The 6 accounting principles that govern in Spain

The 6 accounting principles that govern in SpainAccounting principles are the essential standards on which business accounting must be based. In this article we will see the 6 accounting principles that govern in Spain according to the annual accounts according to the General Accounting Plan in force in Spain.

Going concern principle

The General Accounting Plan explains the principle of a going concern as follows:

"It will be considered, unless proven otherwise, that the management of the company will continue in the foreseeable future, so the application of accounting principles and criteria does not have the purpose of determining the value of equity for the purposes of its global transmission or partial, nor the resulting amount in case of liquidation. "

This principle is important for investors, since the liquidation value of a company in most cases will be different from the book value, so different modifications will have to be made to obtain the real value, either up or down. downward.

Accrual principle

Transactions or economic events will be part of the accounting at the time they occur, not at the time of payment or collection.

This principle is important, since although a company may have a great accounting benefit, it may not be very realistic if it does not collect. In fact, the number of companies that, despite having accounting benefits, end up in bankruptcy because of clients who do not pay their debts is not insignificant.

Principle of uniformity

Accounting legislation allows different criteria to be used to account for transactions or economic events. The principle of uniformity requires that the selected criteria cannot be modified without further ado, but rather that an analysis of the impact of the change in accounting criteria on the annual report account is required.

Principle of prudence

The principle of prudence requires that transactions or economic events must be accounted for prudently in the event of uncertainty. This implies that future benefits cannot be recorded until the business is definitively perfected.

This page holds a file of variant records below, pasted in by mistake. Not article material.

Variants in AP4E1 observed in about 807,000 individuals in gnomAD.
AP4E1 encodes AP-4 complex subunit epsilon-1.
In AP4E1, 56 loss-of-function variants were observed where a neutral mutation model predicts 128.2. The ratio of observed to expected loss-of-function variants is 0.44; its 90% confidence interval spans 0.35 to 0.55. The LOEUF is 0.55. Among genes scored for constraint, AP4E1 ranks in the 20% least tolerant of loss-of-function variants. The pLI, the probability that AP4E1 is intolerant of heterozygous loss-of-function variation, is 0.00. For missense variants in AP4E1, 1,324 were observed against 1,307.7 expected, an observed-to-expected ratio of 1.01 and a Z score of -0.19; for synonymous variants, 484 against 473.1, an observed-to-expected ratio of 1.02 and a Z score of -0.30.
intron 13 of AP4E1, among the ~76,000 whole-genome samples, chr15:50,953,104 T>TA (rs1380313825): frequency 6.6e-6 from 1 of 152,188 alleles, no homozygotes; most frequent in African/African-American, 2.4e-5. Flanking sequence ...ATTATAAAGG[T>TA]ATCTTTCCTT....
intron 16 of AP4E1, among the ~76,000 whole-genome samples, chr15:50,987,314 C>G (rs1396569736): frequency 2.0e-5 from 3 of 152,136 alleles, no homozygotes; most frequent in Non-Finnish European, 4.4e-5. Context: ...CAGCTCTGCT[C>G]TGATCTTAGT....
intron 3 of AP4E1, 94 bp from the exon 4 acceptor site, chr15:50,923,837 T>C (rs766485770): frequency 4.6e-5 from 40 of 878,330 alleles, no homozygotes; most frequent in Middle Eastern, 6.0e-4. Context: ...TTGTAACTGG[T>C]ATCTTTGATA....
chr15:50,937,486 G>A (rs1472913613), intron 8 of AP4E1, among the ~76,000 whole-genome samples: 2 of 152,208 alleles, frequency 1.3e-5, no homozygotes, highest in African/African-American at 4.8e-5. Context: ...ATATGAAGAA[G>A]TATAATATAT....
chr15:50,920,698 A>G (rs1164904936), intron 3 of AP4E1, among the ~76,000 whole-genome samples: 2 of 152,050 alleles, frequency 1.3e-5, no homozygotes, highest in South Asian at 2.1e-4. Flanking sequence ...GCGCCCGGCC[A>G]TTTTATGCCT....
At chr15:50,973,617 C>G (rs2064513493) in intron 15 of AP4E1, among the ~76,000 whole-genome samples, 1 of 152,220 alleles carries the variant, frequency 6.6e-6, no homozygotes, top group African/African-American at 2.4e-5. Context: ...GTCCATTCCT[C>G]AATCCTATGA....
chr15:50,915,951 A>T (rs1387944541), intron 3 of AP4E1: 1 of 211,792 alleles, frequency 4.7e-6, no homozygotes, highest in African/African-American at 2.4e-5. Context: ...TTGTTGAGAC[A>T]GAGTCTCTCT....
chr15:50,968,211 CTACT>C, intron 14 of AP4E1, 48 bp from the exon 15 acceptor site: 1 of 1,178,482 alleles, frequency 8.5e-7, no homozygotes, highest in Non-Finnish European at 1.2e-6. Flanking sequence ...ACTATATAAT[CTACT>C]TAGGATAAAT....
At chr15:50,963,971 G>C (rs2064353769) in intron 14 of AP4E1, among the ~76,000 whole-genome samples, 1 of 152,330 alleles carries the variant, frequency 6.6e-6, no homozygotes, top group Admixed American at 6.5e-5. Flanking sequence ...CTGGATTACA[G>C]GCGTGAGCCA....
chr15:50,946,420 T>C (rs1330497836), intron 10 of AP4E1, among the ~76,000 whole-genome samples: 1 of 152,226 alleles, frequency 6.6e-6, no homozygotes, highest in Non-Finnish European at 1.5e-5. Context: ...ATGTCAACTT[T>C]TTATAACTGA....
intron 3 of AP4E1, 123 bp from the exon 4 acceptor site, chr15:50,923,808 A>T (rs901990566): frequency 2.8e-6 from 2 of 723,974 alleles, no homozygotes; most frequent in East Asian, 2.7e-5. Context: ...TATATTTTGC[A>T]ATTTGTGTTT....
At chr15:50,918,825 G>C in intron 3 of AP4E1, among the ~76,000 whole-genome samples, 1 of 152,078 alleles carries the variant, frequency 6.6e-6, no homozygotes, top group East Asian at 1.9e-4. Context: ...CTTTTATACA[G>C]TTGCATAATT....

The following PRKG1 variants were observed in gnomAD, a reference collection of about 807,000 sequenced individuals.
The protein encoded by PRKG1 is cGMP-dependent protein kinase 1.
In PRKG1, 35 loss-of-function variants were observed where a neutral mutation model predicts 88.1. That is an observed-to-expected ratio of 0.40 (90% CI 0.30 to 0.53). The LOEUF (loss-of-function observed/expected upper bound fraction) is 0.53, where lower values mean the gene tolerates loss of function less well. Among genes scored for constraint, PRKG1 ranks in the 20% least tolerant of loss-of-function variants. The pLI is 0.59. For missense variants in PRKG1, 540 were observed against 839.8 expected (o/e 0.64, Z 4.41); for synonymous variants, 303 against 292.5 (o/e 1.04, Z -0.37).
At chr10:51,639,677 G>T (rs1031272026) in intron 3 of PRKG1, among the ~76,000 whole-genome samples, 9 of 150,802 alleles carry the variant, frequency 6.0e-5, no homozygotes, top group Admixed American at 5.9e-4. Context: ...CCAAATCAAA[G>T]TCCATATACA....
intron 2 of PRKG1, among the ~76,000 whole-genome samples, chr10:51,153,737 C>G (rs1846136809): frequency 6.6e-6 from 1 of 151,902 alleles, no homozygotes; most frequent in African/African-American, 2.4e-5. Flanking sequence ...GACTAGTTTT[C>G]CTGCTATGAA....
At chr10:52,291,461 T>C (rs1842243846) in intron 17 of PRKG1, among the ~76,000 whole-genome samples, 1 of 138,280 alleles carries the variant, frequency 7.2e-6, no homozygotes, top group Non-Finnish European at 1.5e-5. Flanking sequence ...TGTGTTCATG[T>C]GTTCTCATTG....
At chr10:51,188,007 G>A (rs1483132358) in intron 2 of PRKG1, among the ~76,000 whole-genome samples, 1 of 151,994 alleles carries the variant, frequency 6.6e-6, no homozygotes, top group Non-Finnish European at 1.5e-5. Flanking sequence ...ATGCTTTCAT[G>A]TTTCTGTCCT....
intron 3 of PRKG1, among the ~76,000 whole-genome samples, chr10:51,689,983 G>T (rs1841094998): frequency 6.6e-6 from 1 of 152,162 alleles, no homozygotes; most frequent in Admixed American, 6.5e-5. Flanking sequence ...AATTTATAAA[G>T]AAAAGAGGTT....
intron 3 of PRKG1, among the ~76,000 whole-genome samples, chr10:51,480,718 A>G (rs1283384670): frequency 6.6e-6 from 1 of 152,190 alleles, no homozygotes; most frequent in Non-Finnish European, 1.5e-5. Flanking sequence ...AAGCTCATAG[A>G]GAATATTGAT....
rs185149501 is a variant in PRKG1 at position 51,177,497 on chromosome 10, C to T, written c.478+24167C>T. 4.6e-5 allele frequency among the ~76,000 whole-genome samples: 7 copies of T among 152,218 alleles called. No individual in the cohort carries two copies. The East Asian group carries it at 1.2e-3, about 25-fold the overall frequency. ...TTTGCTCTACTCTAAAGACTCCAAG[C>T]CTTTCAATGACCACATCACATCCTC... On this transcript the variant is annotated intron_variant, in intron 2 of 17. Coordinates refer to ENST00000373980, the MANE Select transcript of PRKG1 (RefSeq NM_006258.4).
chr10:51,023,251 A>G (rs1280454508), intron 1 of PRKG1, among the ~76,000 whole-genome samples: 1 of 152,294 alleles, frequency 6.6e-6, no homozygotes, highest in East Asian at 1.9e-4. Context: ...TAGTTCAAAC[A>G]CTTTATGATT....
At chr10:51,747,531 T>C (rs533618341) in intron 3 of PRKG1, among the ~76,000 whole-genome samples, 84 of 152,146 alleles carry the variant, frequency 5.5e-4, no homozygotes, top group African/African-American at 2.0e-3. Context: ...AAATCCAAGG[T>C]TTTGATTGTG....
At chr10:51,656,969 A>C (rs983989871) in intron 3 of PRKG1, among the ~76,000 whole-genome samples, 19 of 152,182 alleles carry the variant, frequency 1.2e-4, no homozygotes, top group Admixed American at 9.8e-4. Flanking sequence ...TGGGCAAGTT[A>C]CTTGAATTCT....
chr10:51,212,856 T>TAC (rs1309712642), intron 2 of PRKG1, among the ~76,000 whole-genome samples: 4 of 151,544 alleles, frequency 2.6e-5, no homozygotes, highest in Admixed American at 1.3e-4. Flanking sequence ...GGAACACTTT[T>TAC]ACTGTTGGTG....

This principle also implies that risks must be accounted for in the annual accounts, either in the report, or that future losses be provisioned if risks that may cause future losses are identified.

Principle of no compensation

Unless a rule expressly provides otherwise, the asset and liability items or expenses and income items may not be offset. In addition, the elements of the annual accounts will be valued separately. This makes accounting reflect reality more extensively than if the principle of no compensation existed.

Principle of relative importance

The principle of relative importance talks about the intensity with which these principles should be applied in different cases. The General Accounting Plan determines that:

"The strict non-application of some of the accounting principles and criteria will be admitted when the relative importance in quantitative or qualitative terms of the variation that such fact produces is scarcely significant and, consequently, does not alter the expression of the true image."

In other words, the application of these principles is softened in some cases as long as they do not alter the true image that a company's accounting should give.

What happens in the event of a conflict between accounting principles?

As a closing rule, the General Accounting Plan offers us a solution for cases of conflict between different accounting principles. In this case, the accounting principle that best leads to the annual accounts expressing a true image of the assets, financial situation and results of the company must prevail.